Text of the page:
Text: "Functional Analysis," by Peter D. Lax, Wiley Interscience, 2002,
Prerequisites: Math 501, Math 502, Math 503, and Math 507 or the equivalents. If in doubt, consult with the instructor.
Description: We shall continue the discussion of the basic theory of linear operators on Banach spaces and other topological linear spaces, as well as
the properties of concrete examples of function spaces. We will cover:
(1) Fixed point theorems, especially the Schauder Fixed Point Theorem
(which is an infinite-dimensional version of the Brower Fixed Point Theorem) and the Cellina, Kakutani, and Fan-Glicksberg theorems. This part will be based on notes by the instructor.)
(2) the spectral theory of bounded and unbounded self-adjoint operators on Hilbert spaces (starting with the study of commutative C-star algebras and the Gelfand Representation Theorem), symmetric operators and Friedrichs' extension theorem, unitary operators, unitary one-parameter groups, and Stone's Theorem,
(3) Sobolev spaces, Sobolev inequalities, boundary trace theorems, and applications to elliptic boundary value problems (this part will be based on lecture notes such as the ones in www.iadm.uni-stuttgart.de/LstAnaMPhy/Weidl/fa-ws04/Suslina_Sobolevraeume.pdf),
In each case, the theory will be illustrated with examples, such as
eigenfunction expansions related to various differential operators, and in
particular Fourier series and Fourier transforms, and applications to
partial differential equations.
Text: Recommended: Degenerate diffusions by Panagiota Daskalopoulos and Carlos E. Kenig; Smoothing and decay estimates for nonlinear diffusion equations by Vazquez.
Prerequisites: A first semester graduate PDE course (such as our 640:517) or equivalent
Description: We will be dealing with the simple nonlinear equation u_t = \Delta u^m, where m > 0.
For m > 1 this is called the porous medium equation and for m < 1 it is called the fast diffusion equation. There are a number of physical applications of this equation. We will discuss the questions of existence and uniqueness of a solution and the main properties of the solutions. We will study the initial value problem (Cauchy problem) and the Dirichlet problem. Our approach to these problems is through the use of local regularity estimates and Harnack type inequalities, which yield equicontinuity and hence compactness for families of solutions. We also want to discuss the notion of weak solutions.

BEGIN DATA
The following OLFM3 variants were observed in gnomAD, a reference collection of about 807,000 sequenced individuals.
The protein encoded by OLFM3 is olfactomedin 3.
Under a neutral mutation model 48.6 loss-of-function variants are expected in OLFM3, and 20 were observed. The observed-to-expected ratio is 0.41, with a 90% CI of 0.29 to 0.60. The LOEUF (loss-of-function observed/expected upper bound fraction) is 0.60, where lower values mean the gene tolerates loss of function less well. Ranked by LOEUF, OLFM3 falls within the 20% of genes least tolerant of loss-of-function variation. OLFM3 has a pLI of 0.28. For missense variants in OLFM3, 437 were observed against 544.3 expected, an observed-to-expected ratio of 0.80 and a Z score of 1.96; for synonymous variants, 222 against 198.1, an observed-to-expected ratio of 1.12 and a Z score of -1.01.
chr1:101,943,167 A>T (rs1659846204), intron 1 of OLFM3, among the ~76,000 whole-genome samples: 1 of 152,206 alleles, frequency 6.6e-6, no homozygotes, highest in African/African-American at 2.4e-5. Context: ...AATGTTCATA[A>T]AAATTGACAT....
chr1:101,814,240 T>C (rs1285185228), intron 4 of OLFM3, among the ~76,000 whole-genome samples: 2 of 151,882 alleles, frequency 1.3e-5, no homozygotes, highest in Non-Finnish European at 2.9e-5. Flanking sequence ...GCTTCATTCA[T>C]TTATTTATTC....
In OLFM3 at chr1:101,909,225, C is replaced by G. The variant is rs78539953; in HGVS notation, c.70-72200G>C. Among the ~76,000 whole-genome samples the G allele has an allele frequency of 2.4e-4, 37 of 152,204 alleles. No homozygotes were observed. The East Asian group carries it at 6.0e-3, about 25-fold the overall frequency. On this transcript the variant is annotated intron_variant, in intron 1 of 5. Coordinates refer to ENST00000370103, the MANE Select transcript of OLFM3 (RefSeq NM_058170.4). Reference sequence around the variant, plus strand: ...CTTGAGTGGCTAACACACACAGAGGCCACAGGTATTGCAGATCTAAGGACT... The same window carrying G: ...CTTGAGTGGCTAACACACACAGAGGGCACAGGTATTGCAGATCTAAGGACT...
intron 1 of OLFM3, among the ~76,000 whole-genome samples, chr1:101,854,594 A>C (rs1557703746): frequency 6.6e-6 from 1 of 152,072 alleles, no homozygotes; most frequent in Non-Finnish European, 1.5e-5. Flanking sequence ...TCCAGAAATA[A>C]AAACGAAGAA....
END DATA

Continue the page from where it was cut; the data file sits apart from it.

The goal is to emphasize different techniques used to tackle problems regarding the porous medium and the fast diffusion equations since they may have a wider scope of applicability to studying other nonlinear equations.
1. Temam, Roger Navier-Stokes equations. Theory and numerical analysis. Reprint of the 1984 edition. AMS Chelsea Publishing, Providence, RI, 2001.
2. Galdi, G. P. An introduction to the mathematical theory of the Navier-Stokes equations. Steady-state problems. Second edition. Springer Monographs in Mathematics. Springer, New York, 2011.
3. Various papers.
Prerequisites: 517 or Permission of Instructor
Description: In this course we will introduce some results on Navier-Stokes equations. The material being presented will be as follows.
1. Survey and exposition on the existence of solutions to the nonhomogeneous stationary Navier-Stokes equationsin dimension two. This will includes works from some pioneering work of Leray and new developments in the last few years.
2. Exposition on some works on Leray's problem of steady Navier-Stokes flow past a body in the plane.
3. Regularity of solutions of stationary Navier-Stokes equations in dimension less than 5, partial regularity of stationary Navier-Stokes
equations in dimension bigger than 4, existence of regular solution of the stationary Navier-Stokes equations in dimension 5.
4. Existence of weak solutions in three space dimension
(Jean Leray) and the existence and smoothness of Navier-Stokes solutions in two space dimension (Ladyzhenskaya).
5. Global existence of solution for Navier-Stokes if the initial data is small in various scale invariant spaces.
6. Partial regularity of weak solutions in three space dimension
(Caffarelli-Kohn-Nirenberg, and a simplified proof by Fanghua Lin).
7. L^\infty([0,T], L^3(R^3)) solutions of the Navier-Stokes and backward uniqueness (Escauriaza-Seregin-Sverak).
Text: Do Carmo's "Riemannian geometry" and some of my own notes.